Towards the end of the activity Bee used the polystyrene blocks to create a maze. She said that the Princess' were stuck in there and Buzz light year had to rescue them. I think this was due to a visit to the farm last year, when we struggling to find our way out of the maze maze.

What did we learn?
  • Communication and language- Talking about what she is doing and using speech to convey meaning.
  • Physical development- Fine and large manipulative skills when building and hand eye coordination.
  • Personal, social and emotional- Making relationships, social skills such as sharing and turn taking. Working towards the same goal and fun and enjoyment. 
  • Mathematics- Learning about shapes, space, measurement and sizes, such as small, medium and large. Counting the bricks.
  • Understanding of the world- Possible opportunity to learn about ice.
  • Expressive arts and design- Engaged in role play, designing a castle and using their imagination. Developing resourcefulness and creativity.
What could be done next?

  • Substitute Princess' with cars, balls or any other toy your child is into. They will love rolling them down the ramps, learning about trajectory.
  • Create a Frozen ice castle, by using a cardboard box and other items found from around the home.

Wednesday, May 21, 2014

Fizzing letters

I am always looking for interesting and new ways to create fun and exciting learning opportunities for my daughter. She loves hands on and messy activities, so when I came across some children's activity sites that created some fizzy fun, I knew I had to give it a go.
The first site that gave me the inspiration for my fizzing letters activity was provided by www.themotherhuddle.com. They used the ingredients to create mini fizzy volcano pictures. Another great activity was making fizzy side walk chalk. I found this on handsonaswegrow.com.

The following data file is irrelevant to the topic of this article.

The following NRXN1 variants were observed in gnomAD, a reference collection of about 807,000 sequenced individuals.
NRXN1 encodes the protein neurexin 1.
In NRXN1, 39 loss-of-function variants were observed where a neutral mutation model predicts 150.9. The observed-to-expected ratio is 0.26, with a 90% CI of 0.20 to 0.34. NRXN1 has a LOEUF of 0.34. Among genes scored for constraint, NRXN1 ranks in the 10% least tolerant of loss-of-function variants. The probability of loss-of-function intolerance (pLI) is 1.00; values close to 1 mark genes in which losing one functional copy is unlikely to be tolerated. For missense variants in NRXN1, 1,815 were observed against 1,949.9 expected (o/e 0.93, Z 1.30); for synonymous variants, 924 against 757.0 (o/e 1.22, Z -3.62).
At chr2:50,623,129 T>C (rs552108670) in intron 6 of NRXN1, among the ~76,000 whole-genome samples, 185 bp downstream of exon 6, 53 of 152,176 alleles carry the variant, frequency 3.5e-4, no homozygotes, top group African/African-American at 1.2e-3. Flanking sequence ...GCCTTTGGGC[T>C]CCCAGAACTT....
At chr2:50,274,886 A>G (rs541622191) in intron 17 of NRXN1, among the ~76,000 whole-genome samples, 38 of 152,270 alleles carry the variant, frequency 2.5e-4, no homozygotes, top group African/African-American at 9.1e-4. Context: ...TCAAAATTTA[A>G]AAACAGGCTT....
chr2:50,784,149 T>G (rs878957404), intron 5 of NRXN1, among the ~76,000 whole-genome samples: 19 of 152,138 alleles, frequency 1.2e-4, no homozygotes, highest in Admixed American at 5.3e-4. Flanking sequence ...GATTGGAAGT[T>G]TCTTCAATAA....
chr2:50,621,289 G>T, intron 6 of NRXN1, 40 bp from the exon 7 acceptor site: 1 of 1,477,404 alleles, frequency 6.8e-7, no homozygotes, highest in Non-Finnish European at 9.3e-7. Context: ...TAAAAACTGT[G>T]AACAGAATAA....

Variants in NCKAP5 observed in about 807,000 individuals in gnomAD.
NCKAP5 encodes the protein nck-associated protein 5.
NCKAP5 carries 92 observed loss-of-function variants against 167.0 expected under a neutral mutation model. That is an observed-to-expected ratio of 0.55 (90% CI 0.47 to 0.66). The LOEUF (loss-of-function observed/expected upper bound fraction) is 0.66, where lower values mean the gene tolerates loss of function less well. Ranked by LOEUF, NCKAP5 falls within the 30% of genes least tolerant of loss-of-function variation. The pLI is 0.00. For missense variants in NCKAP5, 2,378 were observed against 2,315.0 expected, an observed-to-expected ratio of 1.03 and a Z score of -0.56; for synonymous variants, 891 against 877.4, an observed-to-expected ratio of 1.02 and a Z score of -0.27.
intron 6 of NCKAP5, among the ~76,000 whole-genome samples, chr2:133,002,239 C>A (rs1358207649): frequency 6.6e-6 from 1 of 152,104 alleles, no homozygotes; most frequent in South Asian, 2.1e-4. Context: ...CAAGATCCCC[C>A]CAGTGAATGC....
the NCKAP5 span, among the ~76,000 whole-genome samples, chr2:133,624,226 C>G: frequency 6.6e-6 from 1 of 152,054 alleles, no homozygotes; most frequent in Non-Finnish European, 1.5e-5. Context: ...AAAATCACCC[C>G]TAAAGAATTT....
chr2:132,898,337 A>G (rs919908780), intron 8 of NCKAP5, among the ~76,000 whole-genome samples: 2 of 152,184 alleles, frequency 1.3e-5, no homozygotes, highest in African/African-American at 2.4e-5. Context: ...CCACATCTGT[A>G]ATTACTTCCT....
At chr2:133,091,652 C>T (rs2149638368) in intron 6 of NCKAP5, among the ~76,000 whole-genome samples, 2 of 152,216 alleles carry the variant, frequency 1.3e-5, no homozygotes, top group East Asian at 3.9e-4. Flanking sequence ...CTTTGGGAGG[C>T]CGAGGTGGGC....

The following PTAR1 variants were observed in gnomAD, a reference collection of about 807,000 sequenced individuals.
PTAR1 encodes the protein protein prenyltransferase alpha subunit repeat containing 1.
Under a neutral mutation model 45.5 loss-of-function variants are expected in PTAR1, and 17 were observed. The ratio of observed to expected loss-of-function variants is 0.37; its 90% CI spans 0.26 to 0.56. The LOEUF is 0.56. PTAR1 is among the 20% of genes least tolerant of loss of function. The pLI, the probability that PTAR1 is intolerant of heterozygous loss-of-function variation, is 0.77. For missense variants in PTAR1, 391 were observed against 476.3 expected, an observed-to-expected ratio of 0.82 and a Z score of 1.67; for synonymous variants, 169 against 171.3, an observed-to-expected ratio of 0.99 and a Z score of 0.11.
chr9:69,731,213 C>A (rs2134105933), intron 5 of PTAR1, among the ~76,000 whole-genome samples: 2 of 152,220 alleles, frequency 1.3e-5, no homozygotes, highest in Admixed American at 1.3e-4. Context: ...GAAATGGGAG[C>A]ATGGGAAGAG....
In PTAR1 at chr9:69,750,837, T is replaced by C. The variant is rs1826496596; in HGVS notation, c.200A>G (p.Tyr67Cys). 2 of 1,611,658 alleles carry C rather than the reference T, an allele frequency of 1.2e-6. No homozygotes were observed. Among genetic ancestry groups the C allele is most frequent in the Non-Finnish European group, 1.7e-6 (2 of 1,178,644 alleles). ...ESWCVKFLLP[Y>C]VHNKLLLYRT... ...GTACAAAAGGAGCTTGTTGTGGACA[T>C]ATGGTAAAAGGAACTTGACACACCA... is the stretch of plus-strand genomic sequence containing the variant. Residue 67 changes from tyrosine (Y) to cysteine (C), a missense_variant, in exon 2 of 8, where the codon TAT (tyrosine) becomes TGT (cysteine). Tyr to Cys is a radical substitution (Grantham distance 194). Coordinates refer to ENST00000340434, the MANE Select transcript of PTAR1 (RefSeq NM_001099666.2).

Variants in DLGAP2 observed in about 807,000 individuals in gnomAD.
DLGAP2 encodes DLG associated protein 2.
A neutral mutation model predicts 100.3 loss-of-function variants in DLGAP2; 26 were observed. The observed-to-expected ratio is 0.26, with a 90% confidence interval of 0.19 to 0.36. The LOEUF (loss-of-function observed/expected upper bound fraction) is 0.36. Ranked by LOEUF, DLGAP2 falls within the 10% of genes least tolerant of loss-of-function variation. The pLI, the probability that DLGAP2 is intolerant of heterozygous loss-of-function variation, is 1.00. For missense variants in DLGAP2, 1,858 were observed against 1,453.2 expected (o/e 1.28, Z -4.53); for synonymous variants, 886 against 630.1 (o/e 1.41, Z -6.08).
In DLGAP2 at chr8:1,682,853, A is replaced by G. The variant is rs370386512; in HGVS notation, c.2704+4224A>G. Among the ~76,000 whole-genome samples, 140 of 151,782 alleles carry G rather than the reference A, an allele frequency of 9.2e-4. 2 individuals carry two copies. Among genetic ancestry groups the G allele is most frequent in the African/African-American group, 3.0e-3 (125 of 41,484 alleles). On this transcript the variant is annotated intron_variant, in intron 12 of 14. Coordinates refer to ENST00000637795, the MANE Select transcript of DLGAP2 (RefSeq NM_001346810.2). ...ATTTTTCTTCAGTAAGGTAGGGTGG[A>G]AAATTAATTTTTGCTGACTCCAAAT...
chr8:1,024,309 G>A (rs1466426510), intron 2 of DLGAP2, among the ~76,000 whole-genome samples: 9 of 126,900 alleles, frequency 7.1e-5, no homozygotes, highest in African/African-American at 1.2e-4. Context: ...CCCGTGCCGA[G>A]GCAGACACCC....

I wanted to add a literacy twist to the fizzy fun, so I came up with the idea of the fizzing letter game. Read on to find out how to play.
Who can play?
Children two years plus, but this depends on the child's age and stage of development.

As with all activities children need to be supervised and the area used made safe.
I would strongly discourage children to drink or eat any of the ingredients used in this activity. They may make them seriously unwell. 
Ensure the knife that you are using is blunt, so as not to cut little fingers.

What do you need?
  • Bicarbonate of soda
  • Vinegar
  • food colouring
  • Spray bottle
  • Water
  • Patio/sidewalk/pavement depending on which side of the Atlantic you are on.
  • Chalk
  • Blunt knife
Questions to ask:
what do you think will happen when we put the liquid on the bicarbonate of soda?
What is happening?
what can you see?
why do you think the liquid is causing bubbles?
can you name the letters?

What did we do?
As always the first thing you need to do is prepare the area. This can be done by pouring the bicarbonate of soda onto the the floor, into 4 letter shapes, but you could do more depending on the age and stage of development of the child. I chose the letters J,K,M and L. Older children can also help out at this point by making their own letters.